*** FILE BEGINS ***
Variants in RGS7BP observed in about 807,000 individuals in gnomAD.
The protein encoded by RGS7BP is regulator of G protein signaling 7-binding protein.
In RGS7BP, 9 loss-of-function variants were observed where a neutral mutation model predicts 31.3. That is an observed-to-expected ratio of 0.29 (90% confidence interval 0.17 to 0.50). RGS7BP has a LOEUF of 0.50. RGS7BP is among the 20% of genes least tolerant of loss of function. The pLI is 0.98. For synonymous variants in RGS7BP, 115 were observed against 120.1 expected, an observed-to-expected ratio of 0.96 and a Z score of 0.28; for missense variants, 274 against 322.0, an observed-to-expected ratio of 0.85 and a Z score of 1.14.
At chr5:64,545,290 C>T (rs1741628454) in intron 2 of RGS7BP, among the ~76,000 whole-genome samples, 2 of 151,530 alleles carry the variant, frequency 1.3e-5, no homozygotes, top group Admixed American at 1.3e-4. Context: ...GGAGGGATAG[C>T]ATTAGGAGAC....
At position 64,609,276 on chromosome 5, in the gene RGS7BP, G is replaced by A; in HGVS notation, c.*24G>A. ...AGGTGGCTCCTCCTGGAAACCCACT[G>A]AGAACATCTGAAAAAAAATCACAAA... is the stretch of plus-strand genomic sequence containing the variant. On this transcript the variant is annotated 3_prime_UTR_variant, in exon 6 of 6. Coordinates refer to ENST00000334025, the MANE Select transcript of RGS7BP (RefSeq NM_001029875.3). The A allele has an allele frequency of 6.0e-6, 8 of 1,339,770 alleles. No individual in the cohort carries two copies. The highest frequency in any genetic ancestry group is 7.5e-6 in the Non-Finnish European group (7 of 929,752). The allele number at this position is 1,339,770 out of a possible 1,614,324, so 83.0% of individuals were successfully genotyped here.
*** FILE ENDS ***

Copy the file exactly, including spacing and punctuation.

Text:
Variants in RGS7BP observed in about 807,000 individuals in gnomAD.
The protein encoded by RGS7BP is regulator of G protein signaling 7-binding protein.
In RGS7BP, 9 loss-of-function variants were observed where a neutral mutation model predicts 31.3. That is an observed-to-expected ratio of 0.29 (90% confidence interval 0.17 to 0.50). RGS7BP has a LOEUF of 0.50. RGS7BP is among the 20% of genes least tolerant of loss of function. The pLI is 0.98. For synonymous variants in RGS7BP, 115 were observed against 120.1 expected, an observed-to-expected ratio of 0.96 and a Z score of 0.28; for missense variants, 274 against 322.0, an observed-to-expected ratio of 0.85 and a Z score of 1.14.
At chr5:64,545,290 C>T (rs1741628454) in intron 2 of RGS7BP, among the ~76,000 whole-genome samples, 2 of 151,530 alleles carry the variant, frequency 1.3e-5, no homozygotes, top group Admixed American at 1.3e-4. Context: ...GGAGGGATAG[C>T]ATTAGGAGAC....
At position 64,609,276 on chromosome 5, in the gene RGS7BP, G is replaced by A; in HGVS notation, c.*24G>A. ...AGGTGGCTCCTCCTGGAAACCCACT[G>A]AGAACATCTGAAAAAAAATCACAAA... is the stretch of plus-strand genomic sequence containing the variant. On this transcript the variant is annotated 3_prime_UTR_variant, in exon 6 of 6. Coordinates refer to ENST00000334025, the MANE Select transcript of RGS7BP (RefSeq NM_001029875.3). The A allele has an allele frequency of 6.0e-6, 8 of 1,339,770 alleles. No individual in the cohort carries two copies. The highest frequency in any genetic ancestry group is 7.5e-6 in the Non-Finnish European group (7 of 929,752). The allele number at this position is 1,339,770 out of a possible 1,614,324, so 83.0% of individuals were successfully genotyped here.